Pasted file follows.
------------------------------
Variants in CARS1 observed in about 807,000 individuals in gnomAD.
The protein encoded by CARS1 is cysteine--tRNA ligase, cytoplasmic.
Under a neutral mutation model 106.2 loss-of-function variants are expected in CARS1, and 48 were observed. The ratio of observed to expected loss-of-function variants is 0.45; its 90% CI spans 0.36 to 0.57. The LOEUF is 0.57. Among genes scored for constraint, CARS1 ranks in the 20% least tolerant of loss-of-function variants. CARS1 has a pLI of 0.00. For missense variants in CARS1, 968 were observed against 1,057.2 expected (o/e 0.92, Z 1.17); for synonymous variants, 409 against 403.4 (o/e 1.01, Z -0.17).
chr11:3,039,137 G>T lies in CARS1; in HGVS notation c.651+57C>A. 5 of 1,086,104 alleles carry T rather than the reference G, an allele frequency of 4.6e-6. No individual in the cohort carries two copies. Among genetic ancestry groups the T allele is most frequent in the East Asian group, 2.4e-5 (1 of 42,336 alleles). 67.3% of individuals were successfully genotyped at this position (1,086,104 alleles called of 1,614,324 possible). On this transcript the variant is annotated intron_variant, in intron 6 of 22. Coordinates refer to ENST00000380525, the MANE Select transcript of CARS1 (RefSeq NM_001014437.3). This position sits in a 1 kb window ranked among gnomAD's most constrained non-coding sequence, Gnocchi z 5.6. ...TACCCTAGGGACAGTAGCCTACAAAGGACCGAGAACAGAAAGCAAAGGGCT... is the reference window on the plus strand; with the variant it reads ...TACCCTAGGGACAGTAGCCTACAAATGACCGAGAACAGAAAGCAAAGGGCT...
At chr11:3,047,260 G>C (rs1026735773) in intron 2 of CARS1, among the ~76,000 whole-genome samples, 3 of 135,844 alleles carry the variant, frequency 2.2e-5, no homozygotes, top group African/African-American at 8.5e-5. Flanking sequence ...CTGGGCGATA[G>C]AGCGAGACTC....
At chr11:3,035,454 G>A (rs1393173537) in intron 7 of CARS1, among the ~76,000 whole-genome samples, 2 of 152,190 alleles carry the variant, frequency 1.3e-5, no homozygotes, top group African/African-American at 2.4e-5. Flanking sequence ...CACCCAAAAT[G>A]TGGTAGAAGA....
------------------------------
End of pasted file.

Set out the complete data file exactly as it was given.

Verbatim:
Variants in CARS1 observed in about 807,000 individuals in gnomAD.
The protein encoded by CARS1 is cysteine--tRNA ligase, cytoplasmic.
Under a neutral mutation model 106.2 loss-of-function variants are expected in CARS1, and 48 were observed. The ratio of observed to expected loss-of-function variants is 0.45; its 90% CI spans 0.36 to 0.57. The LOEUF is 0.57. Among genes scored for constraint, CARS1 ranks in the 20% least tolerant of loss-of-function variants. CARS1 has a pLI of 0.00. For missense variants in CARS1, 968 were observed against 1,057.2 expected (o/e 0.92, Z 1.17); for synonymous variants, 409 against 403.4 (o/e 1.01, Z -0.17).
chr11:3,039,137 G>T lies in CARS1; in HGVS notation c.651+57C>A. 5 of 1,086,104 alleles carry T rather than the reference G, an allele frequency of 4.6e-6. No individual in the cohort carries two copies. Among genetic ancestry groups the T allele is most frequent in the East Asian group, 2.4e-5 (1 of 42,336 alleles). 67.3% of individuals were successfully genotyped at this position (1,086,104 alleles called of 1,614,324 possible). On this transcript the variant is annotated intron_variant, in intron 6 of 22. Coordinates refer to ENST00000380525, the MANE Select transcript of CARS1 (RefSeq NM_001014437.3). This position sits in a 1 kb window ranked among gnomAD's most constrained non-coding sequence, Gnocchi z 5.6. ...TACCCTAGGGACAGTAGCCTACAAAGGACCGAGAACAGAAAGCAAAGGGCT... is the reference window on the plus strand; with the variant it reads ...TACCCTAGGGACAGTAGCCTACAAATGACCGAGAACAGAAAGCAAAGGGCT...
At chr11:3,047,260 G>C (rs1026735773) in intron 2 of CARS1, among the ~76,000 whole-genome samples, 3 of 135,844 alleles carry the variant, frequency 2.2e-5, no homozygotes, top group African/African-American at 8.5e-5. Flanking sequence ...CTGGGCGATA[G>C]AGCGAGACTC....
At chr11:3,035,454 G>A (rs1393173537) in intron 7 of CARS1, among the ~76,000 whole-genome samples, 2 of 152,190 alleles carry the variant, frequency 1.3e-5, no homozygotes, top group African/African-American at 2.4e-5. Flanking sequence ...CACCCAAAAT[G>A]TGGTAGAAGA....